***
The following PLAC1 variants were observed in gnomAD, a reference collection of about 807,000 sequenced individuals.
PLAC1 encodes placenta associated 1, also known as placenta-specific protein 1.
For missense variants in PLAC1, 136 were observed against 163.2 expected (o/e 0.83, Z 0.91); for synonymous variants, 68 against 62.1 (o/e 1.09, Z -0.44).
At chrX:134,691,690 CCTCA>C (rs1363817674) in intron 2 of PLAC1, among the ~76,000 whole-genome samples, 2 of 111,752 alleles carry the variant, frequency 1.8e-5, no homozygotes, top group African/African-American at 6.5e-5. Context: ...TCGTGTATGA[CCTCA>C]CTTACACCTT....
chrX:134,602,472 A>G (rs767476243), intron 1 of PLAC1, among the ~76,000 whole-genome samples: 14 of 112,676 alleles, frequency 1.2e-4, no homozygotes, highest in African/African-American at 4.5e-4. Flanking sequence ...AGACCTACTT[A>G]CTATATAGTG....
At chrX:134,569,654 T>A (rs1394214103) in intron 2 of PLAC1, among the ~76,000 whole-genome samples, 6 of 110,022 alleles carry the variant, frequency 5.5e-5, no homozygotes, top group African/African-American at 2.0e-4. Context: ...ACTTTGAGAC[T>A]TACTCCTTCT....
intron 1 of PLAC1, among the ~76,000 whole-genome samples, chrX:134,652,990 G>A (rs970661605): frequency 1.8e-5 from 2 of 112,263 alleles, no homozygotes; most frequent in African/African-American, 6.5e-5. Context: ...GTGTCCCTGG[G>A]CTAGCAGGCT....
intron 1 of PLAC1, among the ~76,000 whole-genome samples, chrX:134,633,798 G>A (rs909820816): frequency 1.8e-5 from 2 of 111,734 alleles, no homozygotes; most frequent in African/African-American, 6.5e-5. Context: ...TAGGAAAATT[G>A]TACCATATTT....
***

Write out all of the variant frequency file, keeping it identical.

The following PLAC1 variants were observed in gnomAD, a reference collection of about 807,000 sequenced individuals.
PLAC1 encodes placenta associated 1, also known as placenta-specific protein 1.
For missense variants in PLAC1, 136 were observed against 163.2 expected (o/e 0.83, Z 0.91); for synonymous variants, 68 against 62.1 (o/e 1.09, Z -0.44).
At chrX:134,691,690 CCTCA>C (rs1363817674) in intron 2 of PLAC1, among the ~76,000 whole-genome samples, 2 of 111,752 alleles carry the variant, frequency 1.8e-5, no homozygotes, top group African/African-American at 6.5e-5. Context: ...TCGTGTATGA[CCTCA>C]CTTACACCTT....
chrX:134,602,472 A>G (rs767476243), intron 1 of PLAC1, among the ~76,000 whole-genome samples: 14 of 112,676 alleles, frequency 1.2e-4, no homozygotes, highest in African/African-American at 4.5e-4. Flanking sequence ...AGACCTACTT[A>G]CTATATAGTG....
At chrX:134,569,654 T>A (rs1394214103) in intron 2 of PLAC1, among the ~76,000 whole-genome samples, 6 of 110,022 alleles carry the variant, frequency 5.5e-5, no homozygotes, top group African/African-American at 2.0e-4. Context: ...ACTTTGAGAC[T>A]TACTCCTTCT....
intron 1 of PLAC1, among the ~76,000 whole-genome samples, chrX:134,652,990 G>A (rs970661605): frequency 1.8e-5 from 2 of 112,263 alleles, no homozygotes; most frequent in African/African-American, 6.5e-5. Context: ...GTGTCCCTGG[G>A]CTAGCAGGCT....
intron 1 of PLAC1, among the ~76,000 whole-genome samples, chrX:134,633,798 G>A (rs909820816): frequency 1.8e-5 from 2 of 111,734 alleles, no homozygotes; most frequent in African/African-American, 6.5e-5. Context: ...TAGGAAAATT[G>A]TACCATATTT....